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Reference Question of the Week – 8/30/09

   September 5th, 2009

MySpace for smartttI hesitated to post this question, because I don't mean to be picking on this kid. But then I thought that if the kid involves reads this, it might help him.

So with that in mind, I present this week's reference question as yet another example of how personal flippancy on the internet can affect someone's professional life.

Here's the story: an elderly woman called the desk one day, asking me to look up a company for her. She lives alone and needed yard work done, so she called a company that a friend recommended to her. They arrived to give an estimate, but she wanted to know more about the company because:

  • the crew consisted of just two kids (no adults)
  • the kids didn't write anything down, and only provided a verbal estimate
  • there was no sign on their truck, but the company's logo was on their t-shirts
  • when she went in the house to answer the phone, she saw them through the window "goofing around in the street"

So, she wanted to know if it was a real business - she was partly worried about being scammed, but moreso was concerned about kids using power equipment on her property without them having insurance.

The company name she gave me was Smart Choice Landscaping. They weren't listed in the yellow pages, so I searched for "smart choice landscaping" chelmsford, and the results were promising. One was the company's website, one was a lawnmower forum posting, and a third was a 2007 article in the local paper about an ambitious high school kid starting his own landscaping business.

So far, so good, right? Everything supported what the patron said - it just seemed like a kid taking his summer job very seriously, and had been at it for two years.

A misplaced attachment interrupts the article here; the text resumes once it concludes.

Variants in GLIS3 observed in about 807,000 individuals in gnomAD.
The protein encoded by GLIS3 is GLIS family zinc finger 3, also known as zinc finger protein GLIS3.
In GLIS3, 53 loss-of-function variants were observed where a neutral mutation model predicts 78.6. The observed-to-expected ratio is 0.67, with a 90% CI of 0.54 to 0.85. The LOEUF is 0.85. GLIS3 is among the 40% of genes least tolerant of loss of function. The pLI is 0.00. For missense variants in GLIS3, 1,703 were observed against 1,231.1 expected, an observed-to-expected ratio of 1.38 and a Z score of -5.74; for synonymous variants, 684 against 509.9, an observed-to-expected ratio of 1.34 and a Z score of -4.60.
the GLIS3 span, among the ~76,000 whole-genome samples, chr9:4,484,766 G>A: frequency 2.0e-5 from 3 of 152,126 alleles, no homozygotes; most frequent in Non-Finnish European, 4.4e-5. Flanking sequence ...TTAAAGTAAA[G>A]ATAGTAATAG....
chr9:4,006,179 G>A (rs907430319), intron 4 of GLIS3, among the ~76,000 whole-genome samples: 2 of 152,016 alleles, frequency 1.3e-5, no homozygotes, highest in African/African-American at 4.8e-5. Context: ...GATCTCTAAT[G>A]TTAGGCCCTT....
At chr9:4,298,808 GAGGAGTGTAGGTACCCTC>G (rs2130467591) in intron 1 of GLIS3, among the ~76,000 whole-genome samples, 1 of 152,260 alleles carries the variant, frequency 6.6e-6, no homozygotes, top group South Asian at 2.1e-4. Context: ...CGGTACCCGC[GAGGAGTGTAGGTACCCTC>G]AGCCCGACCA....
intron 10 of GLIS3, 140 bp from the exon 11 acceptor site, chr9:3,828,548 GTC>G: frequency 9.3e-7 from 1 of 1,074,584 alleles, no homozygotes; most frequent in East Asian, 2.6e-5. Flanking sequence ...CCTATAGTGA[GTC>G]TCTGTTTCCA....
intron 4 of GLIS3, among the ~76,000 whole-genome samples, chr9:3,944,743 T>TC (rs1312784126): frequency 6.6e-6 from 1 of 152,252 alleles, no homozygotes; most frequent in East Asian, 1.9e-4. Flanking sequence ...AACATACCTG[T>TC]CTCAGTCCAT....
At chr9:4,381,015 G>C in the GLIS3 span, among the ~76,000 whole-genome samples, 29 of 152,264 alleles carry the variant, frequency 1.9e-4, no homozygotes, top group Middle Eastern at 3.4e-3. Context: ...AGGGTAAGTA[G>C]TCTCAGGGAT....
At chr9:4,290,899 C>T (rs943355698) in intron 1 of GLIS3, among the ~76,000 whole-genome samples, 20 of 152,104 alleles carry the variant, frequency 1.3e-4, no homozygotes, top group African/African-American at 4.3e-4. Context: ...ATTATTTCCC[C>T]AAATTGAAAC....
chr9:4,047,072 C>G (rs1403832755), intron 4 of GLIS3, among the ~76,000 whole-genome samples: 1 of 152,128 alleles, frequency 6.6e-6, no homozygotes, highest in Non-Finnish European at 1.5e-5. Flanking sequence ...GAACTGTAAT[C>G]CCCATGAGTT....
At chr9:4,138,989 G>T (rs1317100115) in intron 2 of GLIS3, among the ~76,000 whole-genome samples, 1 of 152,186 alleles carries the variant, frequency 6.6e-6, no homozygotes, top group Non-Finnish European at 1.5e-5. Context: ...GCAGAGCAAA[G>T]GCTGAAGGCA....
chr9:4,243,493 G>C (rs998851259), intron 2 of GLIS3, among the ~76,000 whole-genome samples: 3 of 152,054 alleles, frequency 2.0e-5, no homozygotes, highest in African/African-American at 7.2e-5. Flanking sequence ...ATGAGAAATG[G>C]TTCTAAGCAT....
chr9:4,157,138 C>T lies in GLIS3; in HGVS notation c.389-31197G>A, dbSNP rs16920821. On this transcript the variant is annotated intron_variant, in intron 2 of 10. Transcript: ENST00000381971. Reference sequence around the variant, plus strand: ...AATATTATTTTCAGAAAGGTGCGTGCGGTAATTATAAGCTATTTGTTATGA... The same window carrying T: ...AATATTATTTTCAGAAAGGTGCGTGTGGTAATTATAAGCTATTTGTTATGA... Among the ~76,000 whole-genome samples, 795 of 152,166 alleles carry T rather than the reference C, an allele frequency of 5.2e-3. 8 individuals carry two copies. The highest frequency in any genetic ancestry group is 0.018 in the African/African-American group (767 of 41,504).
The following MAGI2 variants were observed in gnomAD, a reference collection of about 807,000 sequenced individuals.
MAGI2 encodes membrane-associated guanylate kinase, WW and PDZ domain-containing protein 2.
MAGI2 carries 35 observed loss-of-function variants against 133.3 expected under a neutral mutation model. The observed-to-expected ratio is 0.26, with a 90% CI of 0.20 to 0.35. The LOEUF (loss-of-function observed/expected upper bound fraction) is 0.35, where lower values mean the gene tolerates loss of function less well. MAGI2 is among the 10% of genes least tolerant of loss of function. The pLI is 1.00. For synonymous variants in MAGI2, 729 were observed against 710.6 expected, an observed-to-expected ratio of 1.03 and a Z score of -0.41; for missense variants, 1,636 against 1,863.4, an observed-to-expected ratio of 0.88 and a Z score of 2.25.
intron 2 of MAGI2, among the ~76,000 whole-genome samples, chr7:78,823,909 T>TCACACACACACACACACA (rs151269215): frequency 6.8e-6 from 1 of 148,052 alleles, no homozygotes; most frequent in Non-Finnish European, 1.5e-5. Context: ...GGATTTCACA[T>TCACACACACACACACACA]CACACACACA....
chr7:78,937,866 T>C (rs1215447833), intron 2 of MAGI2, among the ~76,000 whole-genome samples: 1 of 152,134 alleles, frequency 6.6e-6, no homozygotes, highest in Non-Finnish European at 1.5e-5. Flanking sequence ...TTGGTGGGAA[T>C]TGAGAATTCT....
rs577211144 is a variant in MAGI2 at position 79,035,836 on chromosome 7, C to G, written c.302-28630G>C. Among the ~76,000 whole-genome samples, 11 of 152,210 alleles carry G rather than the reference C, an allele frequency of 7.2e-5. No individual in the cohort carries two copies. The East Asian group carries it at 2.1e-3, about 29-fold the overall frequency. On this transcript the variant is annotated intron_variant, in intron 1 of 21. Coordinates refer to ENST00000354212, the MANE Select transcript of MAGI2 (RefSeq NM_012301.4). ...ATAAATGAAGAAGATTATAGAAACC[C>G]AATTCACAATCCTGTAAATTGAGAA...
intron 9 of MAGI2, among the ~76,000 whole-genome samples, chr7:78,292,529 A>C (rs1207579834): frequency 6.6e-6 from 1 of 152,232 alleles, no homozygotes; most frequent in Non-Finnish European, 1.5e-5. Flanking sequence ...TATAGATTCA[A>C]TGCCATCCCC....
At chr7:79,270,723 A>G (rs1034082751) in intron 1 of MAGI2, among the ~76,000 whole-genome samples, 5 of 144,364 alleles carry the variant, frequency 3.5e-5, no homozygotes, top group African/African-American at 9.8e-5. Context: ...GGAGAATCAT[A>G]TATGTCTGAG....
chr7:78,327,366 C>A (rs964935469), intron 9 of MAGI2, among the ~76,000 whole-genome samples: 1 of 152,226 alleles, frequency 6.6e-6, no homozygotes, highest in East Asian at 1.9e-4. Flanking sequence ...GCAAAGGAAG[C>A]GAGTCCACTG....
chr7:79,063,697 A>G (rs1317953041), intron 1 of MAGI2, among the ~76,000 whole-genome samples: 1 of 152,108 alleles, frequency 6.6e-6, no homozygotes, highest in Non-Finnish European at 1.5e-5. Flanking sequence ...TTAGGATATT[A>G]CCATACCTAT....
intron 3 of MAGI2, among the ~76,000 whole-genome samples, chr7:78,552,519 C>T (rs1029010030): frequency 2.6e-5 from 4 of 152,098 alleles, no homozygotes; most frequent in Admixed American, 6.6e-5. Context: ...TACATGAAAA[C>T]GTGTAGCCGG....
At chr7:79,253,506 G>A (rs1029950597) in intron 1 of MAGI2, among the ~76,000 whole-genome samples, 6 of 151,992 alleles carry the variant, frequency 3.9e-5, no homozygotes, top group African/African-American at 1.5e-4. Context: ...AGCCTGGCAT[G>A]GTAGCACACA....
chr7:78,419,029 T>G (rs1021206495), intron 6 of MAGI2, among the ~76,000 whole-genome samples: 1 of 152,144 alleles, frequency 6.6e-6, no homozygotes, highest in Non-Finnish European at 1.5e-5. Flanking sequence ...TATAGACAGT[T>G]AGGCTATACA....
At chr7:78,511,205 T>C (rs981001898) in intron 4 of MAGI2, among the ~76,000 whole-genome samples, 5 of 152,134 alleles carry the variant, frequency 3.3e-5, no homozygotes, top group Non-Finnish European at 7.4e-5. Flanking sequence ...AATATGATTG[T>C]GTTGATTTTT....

But then I clicked on the final result - the kid's MySpace page. Which is a fine thing for a 20 year old to express himself with, but since he listed the company name, I could easily see that the owner of Smart Choice Landscaping, among other things, enjoys listening to "nigga beats."

I've certainly seen worse, but this might offend some people, or at least taint his professional image a bit.

I left this out when describing my findings to the patron on the phone. She said he was very nice, and was happy to hear he's been doing this for two years, even if he was young. I suggested she ask for proof of insurance, and also get the estimate and invoice in writing - she agreed and said she was going to hire them.

But if this hadn't been a mediated search, and the patron had seen his MySpace page, it very well could have cost him the job. Again, I've certainly seen more questionable MySpace pages, but this one does, probably without realizing it, cross the line between personal and professional.




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One Response to “Reference Question of the Week – 8/30/09”

  1. Liz Says:

    One of the first things they told us in business school was not to make a MySpace or Facebook page, and if we had them, to scrub them clean and check them regularly to make sure our friends hadn’t made inappropriate comments or tagged us in less-than-flattering pictures or something. I thought it was a bit extreme, but now I see their point.

    Social networking sites like that can actually be really useful in promoting yourself or your business, but as you pointed out, it’s important to present oneself at least somewhat professionally. His existing info might be fine for a DJ but might cost him a job in another field.

    Then again, maybe a high school-educated “lawn professional” making “$250,000 and higher” a year doesn’t need to worry about missing a job or two.

    PS – with all the use of the word “kid,” I was expecting him to be 12 or something (maybe 16 since there was a truck involved), but 20? If you’re going to start calling 20-year-olds kids maybe it’s time to hike your pants up to your armpits and begin all your sentences with “You know, in MY day…”